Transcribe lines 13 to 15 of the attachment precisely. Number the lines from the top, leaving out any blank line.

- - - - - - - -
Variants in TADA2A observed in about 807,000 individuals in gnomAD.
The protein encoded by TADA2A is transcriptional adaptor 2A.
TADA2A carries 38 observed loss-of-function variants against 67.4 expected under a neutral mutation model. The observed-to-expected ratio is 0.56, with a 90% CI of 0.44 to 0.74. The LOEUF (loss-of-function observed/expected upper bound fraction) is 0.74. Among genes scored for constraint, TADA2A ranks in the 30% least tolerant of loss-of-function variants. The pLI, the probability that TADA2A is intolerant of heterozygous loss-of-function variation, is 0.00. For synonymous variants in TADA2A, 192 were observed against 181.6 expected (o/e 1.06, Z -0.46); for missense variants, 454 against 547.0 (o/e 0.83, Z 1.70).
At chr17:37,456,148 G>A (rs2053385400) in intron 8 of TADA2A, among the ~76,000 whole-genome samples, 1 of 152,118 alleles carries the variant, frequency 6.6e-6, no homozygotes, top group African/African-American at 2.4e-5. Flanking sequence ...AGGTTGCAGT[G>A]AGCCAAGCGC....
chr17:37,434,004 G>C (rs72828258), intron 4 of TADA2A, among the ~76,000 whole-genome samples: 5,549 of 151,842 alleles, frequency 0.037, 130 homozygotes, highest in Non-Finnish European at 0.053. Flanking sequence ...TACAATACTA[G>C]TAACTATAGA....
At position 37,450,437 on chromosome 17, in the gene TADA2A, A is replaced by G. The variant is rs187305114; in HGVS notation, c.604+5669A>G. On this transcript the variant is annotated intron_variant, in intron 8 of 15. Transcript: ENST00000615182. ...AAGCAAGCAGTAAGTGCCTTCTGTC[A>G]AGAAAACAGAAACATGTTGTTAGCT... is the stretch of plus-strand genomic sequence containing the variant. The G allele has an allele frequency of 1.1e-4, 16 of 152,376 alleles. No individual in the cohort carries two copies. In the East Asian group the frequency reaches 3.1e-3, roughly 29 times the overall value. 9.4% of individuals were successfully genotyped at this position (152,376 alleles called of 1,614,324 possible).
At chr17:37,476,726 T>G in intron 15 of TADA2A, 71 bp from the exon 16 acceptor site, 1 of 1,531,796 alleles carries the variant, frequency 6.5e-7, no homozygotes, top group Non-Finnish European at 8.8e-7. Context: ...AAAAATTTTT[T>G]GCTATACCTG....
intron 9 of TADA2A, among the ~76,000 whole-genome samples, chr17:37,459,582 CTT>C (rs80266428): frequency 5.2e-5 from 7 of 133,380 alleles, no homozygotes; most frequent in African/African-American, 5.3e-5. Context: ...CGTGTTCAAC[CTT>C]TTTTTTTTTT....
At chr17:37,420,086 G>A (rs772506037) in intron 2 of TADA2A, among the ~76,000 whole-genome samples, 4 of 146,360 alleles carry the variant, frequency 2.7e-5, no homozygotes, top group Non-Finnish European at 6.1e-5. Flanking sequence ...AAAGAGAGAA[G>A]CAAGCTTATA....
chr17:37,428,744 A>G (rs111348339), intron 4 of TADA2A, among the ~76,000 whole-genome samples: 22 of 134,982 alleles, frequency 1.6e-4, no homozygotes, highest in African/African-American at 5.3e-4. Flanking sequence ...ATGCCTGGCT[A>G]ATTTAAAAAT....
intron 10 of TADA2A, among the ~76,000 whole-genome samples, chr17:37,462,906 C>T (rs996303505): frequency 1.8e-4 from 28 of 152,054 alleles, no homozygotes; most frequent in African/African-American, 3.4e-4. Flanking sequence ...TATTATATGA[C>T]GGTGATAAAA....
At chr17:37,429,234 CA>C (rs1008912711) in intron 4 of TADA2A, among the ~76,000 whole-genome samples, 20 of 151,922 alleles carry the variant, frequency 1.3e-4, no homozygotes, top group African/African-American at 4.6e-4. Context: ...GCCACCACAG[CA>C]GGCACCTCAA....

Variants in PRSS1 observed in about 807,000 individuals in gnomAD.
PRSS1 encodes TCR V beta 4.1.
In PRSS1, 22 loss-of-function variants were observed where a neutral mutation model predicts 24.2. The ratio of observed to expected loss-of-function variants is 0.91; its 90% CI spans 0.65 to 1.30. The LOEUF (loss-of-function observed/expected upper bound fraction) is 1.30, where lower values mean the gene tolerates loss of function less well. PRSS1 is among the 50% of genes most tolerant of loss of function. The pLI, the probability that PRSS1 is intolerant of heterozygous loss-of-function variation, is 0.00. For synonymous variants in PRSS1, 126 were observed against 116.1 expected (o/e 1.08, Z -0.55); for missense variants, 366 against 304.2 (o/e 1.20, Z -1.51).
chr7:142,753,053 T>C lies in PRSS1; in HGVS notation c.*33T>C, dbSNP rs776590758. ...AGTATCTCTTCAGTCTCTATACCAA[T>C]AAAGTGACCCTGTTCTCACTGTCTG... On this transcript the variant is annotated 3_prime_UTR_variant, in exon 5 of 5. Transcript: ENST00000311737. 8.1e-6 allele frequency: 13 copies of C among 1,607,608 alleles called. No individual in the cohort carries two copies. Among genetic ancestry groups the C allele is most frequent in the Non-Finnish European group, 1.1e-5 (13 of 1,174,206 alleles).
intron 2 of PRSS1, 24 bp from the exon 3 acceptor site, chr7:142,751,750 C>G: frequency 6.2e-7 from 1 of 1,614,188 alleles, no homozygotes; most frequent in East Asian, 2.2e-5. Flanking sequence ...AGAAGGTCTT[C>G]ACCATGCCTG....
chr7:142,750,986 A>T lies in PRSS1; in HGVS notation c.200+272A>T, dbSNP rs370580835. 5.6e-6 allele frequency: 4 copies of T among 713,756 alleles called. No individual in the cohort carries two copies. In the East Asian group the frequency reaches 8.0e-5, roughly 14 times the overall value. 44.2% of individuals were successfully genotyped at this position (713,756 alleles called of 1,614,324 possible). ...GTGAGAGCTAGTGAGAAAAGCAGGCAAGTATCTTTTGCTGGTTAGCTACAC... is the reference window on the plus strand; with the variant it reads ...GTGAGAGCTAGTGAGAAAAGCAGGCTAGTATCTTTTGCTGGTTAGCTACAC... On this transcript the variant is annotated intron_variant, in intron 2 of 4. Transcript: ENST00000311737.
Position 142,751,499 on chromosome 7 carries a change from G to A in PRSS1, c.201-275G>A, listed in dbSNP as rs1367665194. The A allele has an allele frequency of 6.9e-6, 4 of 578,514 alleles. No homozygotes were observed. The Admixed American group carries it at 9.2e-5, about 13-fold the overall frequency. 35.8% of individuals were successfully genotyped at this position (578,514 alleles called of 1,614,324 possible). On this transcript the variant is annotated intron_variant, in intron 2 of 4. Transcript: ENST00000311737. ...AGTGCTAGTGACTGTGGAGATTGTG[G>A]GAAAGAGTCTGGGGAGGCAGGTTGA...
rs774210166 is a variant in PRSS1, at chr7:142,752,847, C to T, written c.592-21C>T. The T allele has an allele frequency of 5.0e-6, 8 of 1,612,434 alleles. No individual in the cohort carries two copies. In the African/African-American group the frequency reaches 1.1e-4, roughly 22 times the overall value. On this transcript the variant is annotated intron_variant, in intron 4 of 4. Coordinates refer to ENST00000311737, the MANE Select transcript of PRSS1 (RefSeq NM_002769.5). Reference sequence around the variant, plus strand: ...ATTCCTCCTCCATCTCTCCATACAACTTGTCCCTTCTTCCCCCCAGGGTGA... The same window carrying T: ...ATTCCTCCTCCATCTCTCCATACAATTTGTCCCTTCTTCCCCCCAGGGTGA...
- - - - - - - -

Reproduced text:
Variants in PRSS1 observed in about 807,000 individuals in gnomAD.
PRSS1 encodes TCR V beta 4.1.
In PRSS1, 22 loss-of-function variants were observed where a neutral mutation model predicts 24.2. The ratio of observed to expected loss-of-function variants is 0.91; its 90% CI spans 0.65 to 1.30. The LOEUF (loss-of-function observed/expected upper bound fraction) is 1.30, where lower values mean the gene tolerates loss of function less well. PRSS1 is among the 50% of genes most tolerant of loss of function. The pLI, the probability that PRSS1 is intolerant of heterozygous loss-of-function variation, is 0.00. For synonymous variants in PRSS1, 126 were observed against 116.1 expected (o/e 1.08, Z -0.55); for missense variants, 366 against 304.2 (o/e 1.20, Z -1.51).